Twitter’s Anomaly Detection Algorithm Simplified

Have you ever wondered how does a company know when they’re receiving too much data? How do draw the line between a lot and too much?

Well, that is what Anomaly Detection tries to solve. Anomaly Detection is using a statistical approach to find outliers (or “spikes” in time series data) that deviate from what we would expect.

Anomaly detection is an extremely important aspect of today’s finance & economy sector as companies want to analyze how their data is being consumed and where they may have a problem or a potential avenue for growth.

In 2015, Twitter came up with a neat robust approach to finding anomalies in continuous data (time-series data). They made their work open-source and list some possible uses as identifying bots or scammers or in general tracking user engagement. [1]

In their work, they attempt to capture two types of anomalies.

  1. Global/Local: Due to natural company growth, Twitter does flag anomalies that deviate a little from seasonal trends — local anomalies. Additionally, the algorithm does catch very large anomalies — global anomalies.
  2. +/-: the algorithm catches anomalies that are beneficial (positive) such as strong user feedback or trending topics, but it also catches low user engagement and potential software issues.

The Algorithm:

The algorithm used builds off the ESD Test for anomalies. The ESD Test is a simple outlier test, similar to the Grubb’s Test, that is applied to an approximately normal distribution.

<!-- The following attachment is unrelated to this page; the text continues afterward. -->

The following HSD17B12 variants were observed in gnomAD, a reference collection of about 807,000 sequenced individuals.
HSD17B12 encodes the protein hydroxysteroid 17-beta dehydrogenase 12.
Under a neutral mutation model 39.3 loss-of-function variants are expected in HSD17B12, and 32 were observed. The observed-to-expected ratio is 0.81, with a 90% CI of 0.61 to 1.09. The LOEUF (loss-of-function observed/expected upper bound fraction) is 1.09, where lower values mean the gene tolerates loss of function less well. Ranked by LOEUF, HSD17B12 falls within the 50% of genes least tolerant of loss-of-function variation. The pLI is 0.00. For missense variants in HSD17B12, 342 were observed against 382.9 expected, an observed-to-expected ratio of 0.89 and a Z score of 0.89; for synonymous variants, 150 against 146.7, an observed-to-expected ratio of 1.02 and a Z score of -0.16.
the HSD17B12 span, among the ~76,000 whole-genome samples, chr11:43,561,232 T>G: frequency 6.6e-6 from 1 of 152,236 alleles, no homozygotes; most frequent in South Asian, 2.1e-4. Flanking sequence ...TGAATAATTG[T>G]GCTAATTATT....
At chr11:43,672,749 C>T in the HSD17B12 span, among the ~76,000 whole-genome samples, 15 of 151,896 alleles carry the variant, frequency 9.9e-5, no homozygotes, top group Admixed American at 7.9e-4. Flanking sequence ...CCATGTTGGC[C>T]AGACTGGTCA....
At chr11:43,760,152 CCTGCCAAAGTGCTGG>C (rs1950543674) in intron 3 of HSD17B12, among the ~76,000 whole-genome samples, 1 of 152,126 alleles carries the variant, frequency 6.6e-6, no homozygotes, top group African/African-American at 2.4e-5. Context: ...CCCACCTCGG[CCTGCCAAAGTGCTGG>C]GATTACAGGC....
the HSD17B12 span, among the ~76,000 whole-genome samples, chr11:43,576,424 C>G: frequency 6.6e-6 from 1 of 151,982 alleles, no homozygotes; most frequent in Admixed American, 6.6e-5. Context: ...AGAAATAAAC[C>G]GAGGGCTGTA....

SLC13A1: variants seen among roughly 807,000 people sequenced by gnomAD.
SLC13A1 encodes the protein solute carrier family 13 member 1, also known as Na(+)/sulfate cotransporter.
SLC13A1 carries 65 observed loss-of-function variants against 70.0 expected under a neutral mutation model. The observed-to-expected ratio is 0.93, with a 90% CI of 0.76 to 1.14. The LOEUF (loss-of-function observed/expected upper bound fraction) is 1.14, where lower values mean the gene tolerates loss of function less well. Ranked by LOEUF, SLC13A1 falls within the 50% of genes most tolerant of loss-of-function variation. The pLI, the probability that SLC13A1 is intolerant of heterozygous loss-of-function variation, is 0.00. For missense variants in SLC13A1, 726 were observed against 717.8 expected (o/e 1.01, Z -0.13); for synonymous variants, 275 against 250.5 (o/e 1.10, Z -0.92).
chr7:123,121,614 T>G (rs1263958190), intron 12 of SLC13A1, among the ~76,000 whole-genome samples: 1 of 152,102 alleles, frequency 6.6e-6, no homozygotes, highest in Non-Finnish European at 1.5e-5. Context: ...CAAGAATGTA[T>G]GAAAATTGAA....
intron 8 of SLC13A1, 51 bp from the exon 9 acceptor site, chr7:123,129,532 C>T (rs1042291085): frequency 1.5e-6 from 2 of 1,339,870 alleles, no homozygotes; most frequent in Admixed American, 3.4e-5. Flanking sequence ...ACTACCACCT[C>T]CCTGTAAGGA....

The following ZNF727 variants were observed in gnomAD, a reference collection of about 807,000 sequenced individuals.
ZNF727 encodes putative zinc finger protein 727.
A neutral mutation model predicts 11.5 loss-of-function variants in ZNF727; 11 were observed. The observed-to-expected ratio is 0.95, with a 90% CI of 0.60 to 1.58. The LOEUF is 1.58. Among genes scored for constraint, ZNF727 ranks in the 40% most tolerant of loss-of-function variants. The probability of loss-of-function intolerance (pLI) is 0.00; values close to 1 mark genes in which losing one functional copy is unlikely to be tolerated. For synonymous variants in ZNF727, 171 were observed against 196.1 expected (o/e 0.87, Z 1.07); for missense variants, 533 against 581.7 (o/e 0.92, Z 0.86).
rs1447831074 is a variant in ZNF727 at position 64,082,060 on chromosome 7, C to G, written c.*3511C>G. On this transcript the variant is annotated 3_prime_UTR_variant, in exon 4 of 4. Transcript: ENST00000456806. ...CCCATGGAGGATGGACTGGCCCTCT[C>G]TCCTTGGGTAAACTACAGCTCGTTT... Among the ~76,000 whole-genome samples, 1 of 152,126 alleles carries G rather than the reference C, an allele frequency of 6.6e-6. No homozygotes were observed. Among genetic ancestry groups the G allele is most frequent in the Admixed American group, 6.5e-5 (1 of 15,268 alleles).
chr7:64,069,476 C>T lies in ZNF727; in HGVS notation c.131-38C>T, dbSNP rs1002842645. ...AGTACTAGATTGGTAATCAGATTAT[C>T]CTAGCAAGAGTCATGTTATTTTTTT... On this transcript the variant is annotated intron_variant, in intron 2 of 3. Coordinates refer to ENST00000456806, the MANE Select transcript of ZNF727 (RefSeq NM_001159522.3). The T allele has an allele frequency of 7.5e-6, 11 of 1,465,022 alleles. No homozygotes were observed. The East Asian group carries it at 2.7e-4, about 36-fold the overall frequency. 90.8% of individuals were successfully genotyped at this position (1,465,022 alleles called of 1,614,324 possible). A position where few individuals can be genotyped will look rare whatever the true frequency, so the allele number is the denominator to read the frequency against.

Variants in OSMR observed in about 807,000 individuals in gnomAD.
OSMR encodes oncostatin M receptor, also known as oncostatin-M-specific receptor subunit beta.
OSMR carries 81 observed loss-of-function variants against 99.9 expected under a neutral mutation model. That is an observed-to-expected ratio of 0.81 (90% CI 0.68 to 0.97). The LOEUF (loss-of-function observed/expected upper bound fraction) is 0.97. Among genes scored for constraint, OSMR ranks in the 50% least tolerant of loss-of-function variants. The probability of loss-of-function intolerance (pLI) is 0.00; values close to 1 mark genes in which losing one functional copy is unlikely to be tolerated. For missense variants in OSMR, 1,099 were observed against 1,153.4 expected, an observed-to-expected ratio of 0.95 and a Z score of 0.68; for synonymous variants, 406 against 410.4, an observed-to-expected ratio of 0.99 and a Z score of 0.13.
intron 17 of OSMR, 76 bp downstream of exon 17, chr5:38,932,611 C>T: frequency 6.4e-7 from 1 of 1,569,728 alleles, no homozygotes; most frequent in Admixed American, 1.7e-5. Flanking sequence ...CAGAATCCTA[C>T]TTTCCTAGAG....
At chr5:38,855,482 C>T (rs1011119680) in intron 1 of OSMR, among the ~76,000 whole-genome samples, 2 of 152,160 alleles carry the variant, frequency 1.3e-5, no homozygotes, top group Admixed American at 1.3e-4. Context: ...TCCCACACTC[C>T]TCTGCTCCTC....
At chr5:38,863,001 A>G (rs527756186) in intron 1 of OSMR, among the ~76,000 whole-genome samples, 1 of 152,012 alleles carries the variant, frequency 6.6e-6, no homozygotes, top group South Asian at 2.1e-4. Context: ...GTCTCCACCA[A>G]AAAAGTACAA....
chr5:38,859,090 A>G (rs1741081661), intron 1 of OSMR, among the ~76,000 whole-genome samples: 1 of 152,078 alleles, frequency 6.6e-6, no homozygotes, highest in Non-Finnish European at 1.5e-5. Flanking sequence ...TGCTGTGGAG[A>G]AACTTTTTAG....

The generalized ESD Test does not work primarily due to its being parametric test (assumes normal distribution) and Twitter’s dataset contains multiple modes (seasonal data).

Also since Twitter does not say “hey let’s put 17 anomalies into out dataset today” — the Grubb’s test and ESD don’t work — as an upper limit on the number of anomalies must be given (but we do not know the number of anomalies in our data).

So what did Twitter’s team do?

They leveraged time-series decomposition by breaking up the data into 3 primary sections: residual, seasonality, and trend. After taking the raw data and breaking it down they analyzed the residual graph. In the previous multi-modal dataset there was a large standard deviation but the residual curve shows a tall, skinny curve meaning a small standard deviation.

From Twitter Presentation
From Twitter Presentation

So now by looking at the residual we have an approximately normal distribution. Next, the algorithm applies an ESD test on the residual dataset. But not just any ESD test.

The Twitter team altered the ESD test to take in the robust parameters of the median (median of the absolute deviations) and the sigma of the MAD.

In summary, the algorithm first uses STL decomposition to break up the raw time series. Then it detects global and local anomalies by applying an SH-ESD test (Seasonal Hybrid ESD Test) which has the input parameters of Mean Absolute Deviation Median and its corresponding standard deviation. Now, the algorithm can account for local and global anomalies. Problem solved.

My explanation is a bit generalized and if you want to see the algorithm’s performance or exact mechanics refer to the official paper.

This system does have many drawbacks as well, however, it’s cool to see a company tackle such a large problem using such a simple and efficient algorithm.

Open-Source Github Package in R:

Innovation Enthusiast.

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